Perceiving 3D structure and recognizing objects and their properties around
us is central to our understanding of the world. For example, when we drive a car from our home to the workplace, we constantly perceive 3D structure, recognise objects and their properties, and understand their functional attributes so as to interact with the environment. Such capabilities permit free and accurate movement in unknown environments and may seem like an easy task for humans. However, for computer systems using artificial vision, it is not. Thus, researchers from philosophy to neuroscience, from mathematics to computer science, have devoted ample time to understand the underlying principles for developing a vision system which would be able to see as well as we do. Such understanding of (sequences of) images is commonly known as Scene Understanding. It consists of solving three classical computer vision problems: recognition, reorganisation and reconstruction. In this dissertation, I focus on some of these problems and propose methods for solving them. The work can be divided into three main parts.
In the first part, I show how the problem of recognition and reorganisation can be improved by incorporating some prior information such as context. Specifically I propose novel algorithms to incorporate higher order information, such as context and label consistency over large regions efficiently in the MRF model with only unary and/or pairwise terms. Inference in a MRF is performed using a filter-based mean-field approach. I demonstrate this techniques on joint object and stereo labelling problems, as well as on object class segmentation, showing in addition for joint object-stereo labelling how the method provides an efficient approach for inference in product label spaces.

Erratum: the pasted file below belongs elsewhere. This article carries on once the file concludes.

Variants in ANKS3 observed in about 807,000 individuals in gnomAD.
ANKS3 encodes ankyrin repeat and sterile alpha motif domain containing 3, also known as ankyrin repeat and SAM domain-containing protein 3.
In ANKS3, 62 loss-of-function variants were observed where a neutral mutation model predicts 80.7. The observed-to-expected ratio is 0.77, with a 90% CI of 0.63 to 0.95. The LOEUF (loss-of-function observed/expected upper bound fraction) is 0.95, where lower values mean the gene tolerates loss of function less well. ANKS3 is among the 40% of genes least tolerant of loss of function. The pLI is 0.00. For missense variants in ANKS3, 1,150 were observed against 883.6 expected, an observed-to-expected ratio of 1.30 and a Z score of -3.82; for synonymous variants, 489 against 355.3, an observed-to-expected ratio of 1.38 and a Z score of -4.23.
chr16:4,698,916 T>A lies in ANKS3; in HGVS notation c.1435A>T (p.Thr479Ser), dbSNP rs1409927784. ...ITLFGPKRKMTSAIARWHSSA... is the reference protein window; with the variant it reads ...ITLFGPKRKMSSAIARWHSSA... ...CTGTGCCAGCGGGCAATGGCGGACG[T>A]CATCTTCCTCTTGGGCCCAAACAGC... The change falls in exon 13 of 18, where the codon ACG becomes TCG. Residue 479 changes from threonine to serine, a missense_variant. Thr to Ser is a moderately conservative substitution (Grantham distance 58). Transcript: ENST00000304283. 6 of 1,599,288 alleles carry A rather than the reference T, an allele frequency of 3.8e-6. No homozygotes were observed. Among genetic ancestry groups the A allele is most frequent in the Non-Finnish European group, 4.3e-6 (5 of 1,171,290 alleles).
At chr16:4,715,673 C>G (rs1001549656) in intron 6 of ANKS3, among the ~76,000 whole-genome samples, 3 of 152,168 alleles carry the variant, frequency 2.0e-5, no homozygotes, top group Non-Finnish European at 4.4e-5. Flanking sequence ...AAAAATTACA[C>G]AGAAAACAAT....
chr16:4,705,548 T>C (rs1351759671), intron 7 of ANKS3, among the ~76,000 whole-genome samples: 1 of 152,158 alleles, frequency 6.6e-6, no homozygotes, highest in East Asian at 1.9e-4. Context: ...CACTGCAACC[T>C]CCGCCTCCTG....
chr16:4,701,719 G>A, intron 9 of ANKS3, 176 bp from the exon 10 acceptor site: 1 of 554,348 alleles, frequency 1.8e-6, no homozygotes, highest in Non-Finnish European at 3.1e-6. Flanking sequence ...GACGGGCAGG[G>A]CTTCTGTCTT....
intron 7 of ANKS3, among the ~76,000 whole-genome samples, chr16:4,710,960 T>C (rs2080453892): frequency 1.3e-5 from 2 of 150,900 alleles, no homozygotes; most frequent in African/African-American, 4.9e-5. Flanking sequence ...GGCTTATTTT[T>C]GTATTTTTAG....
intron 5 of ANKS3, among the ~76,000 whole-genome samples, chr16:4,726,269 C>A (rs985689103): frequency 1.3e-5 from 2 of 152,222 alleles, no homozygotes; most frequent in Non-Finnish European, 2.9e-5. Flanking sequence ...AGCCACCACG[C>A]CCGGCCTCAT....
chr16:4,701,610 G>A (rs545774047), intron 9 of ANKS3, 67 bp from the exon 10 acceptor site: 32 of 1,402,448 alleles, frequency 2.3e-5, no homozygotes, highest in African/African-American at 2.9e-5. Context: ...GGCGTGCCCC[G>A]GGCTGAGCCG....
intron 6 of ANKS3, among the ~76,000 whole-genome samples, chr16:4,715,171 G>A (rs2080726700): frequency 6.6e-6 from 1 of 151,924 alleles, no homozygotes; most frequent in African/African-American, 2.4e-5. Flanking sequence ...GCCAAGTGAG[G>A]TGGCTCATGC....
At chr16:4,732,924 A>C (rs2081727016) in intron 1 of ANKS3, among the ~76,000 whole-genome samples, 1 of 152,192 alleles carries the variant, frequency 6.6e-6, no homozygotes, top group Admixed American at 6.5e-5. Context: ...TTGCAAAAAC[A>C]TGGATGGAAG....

In the second part I propose methods that encapsulate the benefits of reconstruction,recognition and reorganisation so as to solve scene understanding problems. First I propose robust real-time systems that reconstruct dense 3D models of environments on-the-fly and associates them with object labels. This approach works for both indoor and outdoor scenes and scale to any size environments. Next I propose an algorithm to solve the problems of recovering intrinsic scene properties such as shape, reflectance and illumination from a single image, along with estimating the object and attribute segmentation separately. I formulate this joint estimation problem in an energy minimization framework which is able to capture the correlations between intrinsic properties (reflectance, shape, illumination), objects (table, tv-monitor), and materials (wooden, plastic) in a given scene. Finally I design an efficient filter-based mean-field algorithm that jointly estimates human segmentation, pose and depth given a pair of stereo images so as to capture the relationships between these three problems.
In the third part I show how human interaction can help in improving the
visual recognition task. I propose an interactive 3D labelling and segmentation system that aims to make acquiring segmented 3D models fast, simple, and userfriendly.
Carrying a body-worn depth camera, the environment is reconstructed using standard techniques. The user is able to reach out and touch surfaces in the
world, and provide object category labels through voice commands. These user provided data are used to learn random forest based object models on-the-fly.
Now when the user encounters a previously unobserved and unlabelled region of space, the forest predicts object labels for each voxel, and the volumetric mean-field based inference smooths the final output. I demonstrate compelling results on several sequences that generalizes to unseen regions of the world.
Department of Computing and Communication TechnologiesFaculty of Technology, Design and Environment
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